The 2.5-mile loop takes you through Split Rock and Face Rock. This trail features some incredible rock formations. It allows you to wander among huge boulders while enjoying the beauty of the desert vegetation.

10 | Geology Tour Road

Pleasant Valley is 18 miles off-road. You will see many unique geological features in the park, as well as desert landscapes and occasionally wildlife. You can take short hikes to see the rock formations. You will need a 4×4 vehicle, as it can be very difficult to navigate after rain.

Rock Climbing

Joshua Tree is known for its slab, crack and steep face climbing. The park has over 8,000 routes that range from easy to difficult. This is a top-notch climbing destination. Even if you don’t intend to climb, it is fascinating to see the climbers in action.

Cap Rock

The Cap Rock trail, named after the flat rock that is capped by a large boulder, is a 0.4-mile loop located at Keys View. Hikers will pass Joshua Trees, desert plants, and piles of boulders on the loop. The shaded trail offers a great way to escape the afternoon heat.

Cottonwood Spring Oasis

This area of the park is located near the south entrance and shows the Colorado Desert landscape. Cottonwood Spring was created by earthquake activity. It was an important stop for gold processing and other goods. This area is famous for its fan palms, which can reach 30 feet in height. There are several other trails that can be used to explore the area south of the park.

  • Bajada, another easy trail that showcases the Colorado Desert plants, is also available
  • Mastodon Peak is a moderately strenuous trail that passes an old gold mine.

Lost Palms Oasis, a 7.5-mile hike that leads deep into a canyon with an isolated fan palm oasis, is challenging. The hike out of the canyon can be strenuous and should not be done in extreme heat.

Desert Queen Mine

Desert Queen Mine, once a profitable mine that operated on land now part of Joshua Tree National Park, was once profitable. It was first discovered that gold had been found in the area in 1894. The mine was in operation from 1895 to 1961. The mine’s turbulent past includes stories of murder, robbery, and foreclosure by banks. All of these are said to have contributed to the ownership changes over the years.

The Desert Queen Mine trail has two options. One is a 0.7-mile round trip that leads to an overlook just beyond the mine. You can also cross the canyon to get to the mine, which increases the hike to 1.6 mi.

The trail crosses the canyon and passes through abandoned mining machinery.

15 | Ryan Mountain

Ryan Mountain Trail is one of the most well-known hikes in the park. It leads to Ryan Mountain’s summit, which is a 5,457-foot peak at the park’s heart. Although the hike is only 3 miles, it can be difficult due to the elevation gain of 1,000 feet. Amazing views of Joshua Tree National Park are the reward.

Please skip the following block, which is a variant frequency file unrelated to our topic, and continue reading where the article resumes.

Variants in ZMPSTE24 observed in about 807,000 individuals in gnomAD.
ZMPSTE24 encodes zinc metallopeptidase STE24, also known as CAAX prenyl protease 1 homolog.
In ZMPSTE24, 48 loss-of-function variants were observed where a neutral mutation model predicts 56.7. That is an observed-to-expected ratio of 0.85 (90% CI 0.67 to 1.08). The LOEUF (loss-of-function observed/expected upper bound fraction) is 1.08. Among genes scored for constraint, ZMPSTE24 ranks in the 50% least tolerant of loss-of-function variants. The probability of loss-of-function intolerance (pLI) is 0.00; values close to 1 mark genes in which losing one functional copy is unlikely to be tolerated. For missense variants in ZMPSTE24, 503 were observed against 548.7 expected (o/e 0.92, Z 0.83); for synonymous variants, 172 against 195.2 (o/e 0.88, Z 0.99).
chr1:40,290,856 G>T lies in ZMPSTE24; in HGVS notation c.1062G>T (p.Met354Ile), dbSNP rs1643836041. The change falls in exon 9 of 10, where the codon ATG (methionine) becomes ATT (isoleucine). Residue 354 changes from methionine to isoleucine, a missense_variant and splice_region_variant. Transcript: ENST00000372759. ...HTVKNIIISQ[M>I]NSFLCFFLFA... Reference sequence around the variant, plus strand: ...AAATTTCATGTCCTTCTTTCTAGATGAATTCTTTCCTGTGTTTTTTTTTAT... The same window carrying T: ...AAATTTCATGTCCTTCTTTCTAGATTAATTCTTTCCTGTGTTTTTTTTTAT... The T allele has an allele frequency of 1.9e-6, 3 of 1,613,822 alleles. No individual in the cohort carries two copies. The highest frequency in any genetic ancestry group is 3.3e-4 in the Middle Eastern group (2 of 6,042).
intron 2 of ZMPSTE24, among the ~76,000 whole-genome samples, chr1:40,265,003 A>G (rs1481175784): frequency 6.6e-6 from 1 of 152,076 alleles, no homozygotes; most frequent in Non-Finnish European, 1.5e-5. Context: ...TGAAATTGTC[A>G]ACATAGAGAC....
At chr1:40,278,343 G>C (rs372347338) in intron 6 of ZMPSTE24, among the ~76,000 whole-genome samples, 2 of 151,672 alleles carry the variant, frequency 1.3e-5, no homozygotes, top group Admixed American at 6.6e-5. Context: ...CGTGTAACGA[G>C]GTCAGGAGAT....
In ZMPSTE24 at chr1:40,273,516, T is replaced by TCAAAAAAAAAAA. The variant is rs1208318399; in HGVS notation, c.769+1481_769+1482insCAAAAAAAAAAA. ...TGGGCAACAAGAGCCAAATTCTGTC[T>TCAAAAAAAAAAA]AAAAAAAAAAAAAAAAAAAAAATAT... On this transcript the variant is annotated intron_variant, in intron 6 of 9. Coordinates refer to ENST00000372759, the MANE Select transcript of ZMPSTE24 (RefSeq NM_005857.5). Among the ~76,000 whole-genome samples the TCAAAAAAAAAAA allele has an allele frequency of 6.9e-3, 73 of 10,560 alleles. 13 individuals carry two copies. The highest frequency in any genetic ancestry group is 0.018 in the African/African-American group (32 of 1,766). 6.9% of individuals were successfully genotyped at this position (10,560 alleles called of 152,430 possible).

Hall of Horrors

Park Boulevard is close to Ryan Mountain Trail. The Hall of Horrors can be reached from Park Boulevard. These boulders form a series of corridors that you can walk through.

Barker Dam

The Barker Dam Trail is the best way to see water in Joshua Tree National Park during spring and winter. Barker Dam was built by early cattlemen in 1900 and is a short, easy trail that showcases desert wildlife. You will find a wall of petroglyphs as you go. The trail is surrounded with boulders.

Keys Ranch

Key Ranch is a remote, rocky canyon that was home to Bill and Frances Keys for nearly 60 years. In the early 1900s, Bill was hired to manage the Desert Queen Mine. He remained in Joshua Tree even after it closed. He and his wife built Keys Ranch together. The ranch was a sprawling property that included a ranch house and a school room. It also had a store and fruit orchard. A prearranged guided walking tour takes you to the ranch between October and May. The Keys Ranch tour takes 90 minutes and includes a 0.5-mile walk through the historic buildings and mining equipment.

Samuelson’s Rocks

Samuelson’s Rocks is one of the park’s most unusual sights. These remote boulders are adorned with political insults and philosophical musings that were directed at Herbert Hoover, the former president. John Samuelson, a Swedish immigrant living on a nearby homestead, wrote them. Samuelson lived a turbulent life full of tales about shipwrecks and murder. The rocks are the only evidence of his existence.

20 | Hidden Valley

Hidden Valley Trail is a 1 mile loop that runs through a rock-enclosed valley. It is believed to have been once used by cattle rustlers. This trail is an excellent introduction to Joshua Tree’s animal and plant life. There are many signs that will help you know what to watch out for. You can watch rock climbers from the park and participate in rock climbing.